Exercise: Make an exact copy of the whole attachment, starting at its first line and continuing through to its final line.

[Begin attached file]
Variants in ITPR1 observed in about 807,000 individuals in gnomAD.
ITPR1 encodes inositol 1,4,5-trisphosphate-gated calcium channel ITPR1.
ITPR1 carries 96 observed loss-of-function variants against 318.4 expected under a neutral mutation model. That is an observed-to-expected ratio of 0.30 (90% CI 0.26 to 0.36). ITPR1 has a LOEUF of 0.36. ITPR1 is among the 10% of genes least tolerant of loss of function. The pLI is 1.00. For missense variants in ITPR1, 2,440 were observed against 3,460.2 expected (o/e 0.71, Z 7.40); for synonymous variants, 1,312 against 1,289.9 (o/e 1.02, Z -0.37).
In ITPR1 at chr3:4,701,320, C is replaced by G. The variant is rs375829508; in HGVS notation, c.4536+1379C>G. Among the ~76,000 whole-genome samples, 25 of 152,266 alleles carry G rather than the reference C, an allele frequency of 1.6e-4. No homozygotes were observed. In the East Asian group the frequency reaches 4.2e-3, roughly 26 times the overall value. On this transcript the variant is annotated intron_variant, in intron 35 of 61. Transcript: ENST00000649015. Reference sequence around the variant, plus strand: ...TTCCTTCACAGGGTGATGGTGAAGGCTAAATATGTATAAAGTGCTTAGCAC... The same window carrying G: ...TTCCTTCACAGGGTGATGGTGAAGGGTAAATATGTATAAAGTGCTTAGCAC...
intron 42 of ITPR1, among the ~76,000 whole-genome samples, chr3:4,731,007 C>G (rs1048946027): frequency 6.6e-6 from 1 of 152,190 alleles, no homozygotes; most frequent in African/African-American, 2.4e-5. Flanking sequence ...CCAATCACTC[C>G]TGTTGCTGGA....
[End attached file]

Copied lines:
Variants in ITPR1 observed in about 807,000 individuals in gnomAD.
ITPR1 encodes inositol 1,4,5-trisphosphate-gated calcium channel ITPR1.
ITPR1 carries 96 observed loss-of-function variants against 318.4 expected under a neutral mutation model. That is an observed-to-expected ratio of 0.30 (90% CI 0.26 to 0.36). ITPR1 has a LOEUF of 0.36. ITPR1 is among the 10% of genes least tolerant of loss of function. The pLI is 1.00. For missense variants in ITPR1, 2,440 were observed against 3,460.2 expected (o/e 0.71, Z 7.40); for synonymous variants, 1,312 against 1,289.9 (o/e 1.02, Z -0.37).
In ITPR1 at chr3:4,701,320, C is replaced by G. The variant is rs375829508; in HGVS notation, c.4536+1379C>G. Among the ~76,000 whole-genome samples, 25 of 152,266 alleles carry G rather than the reference C, an allele frequency of 1.6e-4. No homozygotes were observed. In the East Asian group the frequency reaches 4.2e-3, roughly 26 times the overall value. On this transcript the variant is annotated intron_variant, in intron 35 of 61. Transcript: ENST00000649015. Reference sequence around the variant, plus strand: ...TTCCTTCACAGGGTGATGGTGAAGGCTAAATATGTATAAAGTGCTTAGCAC... The same window carrying G: ...TTCCTTCACAGGGTGATGGTGAAGGGTAAATATGTATAAAGTGCTTAGCAC...
intron 42 of ITPR1, among the ~76,000 whole-genome samples, chr3:4,731,007 C>G (rs1048946027): frequency 6.6e-6 from 1 of 152,190 alleles, no homozygotes; most frequent in African/African-American, 2.4e-5. Flanking sequence ...CCAATCACTC[C>G]TGTTGCTGGA....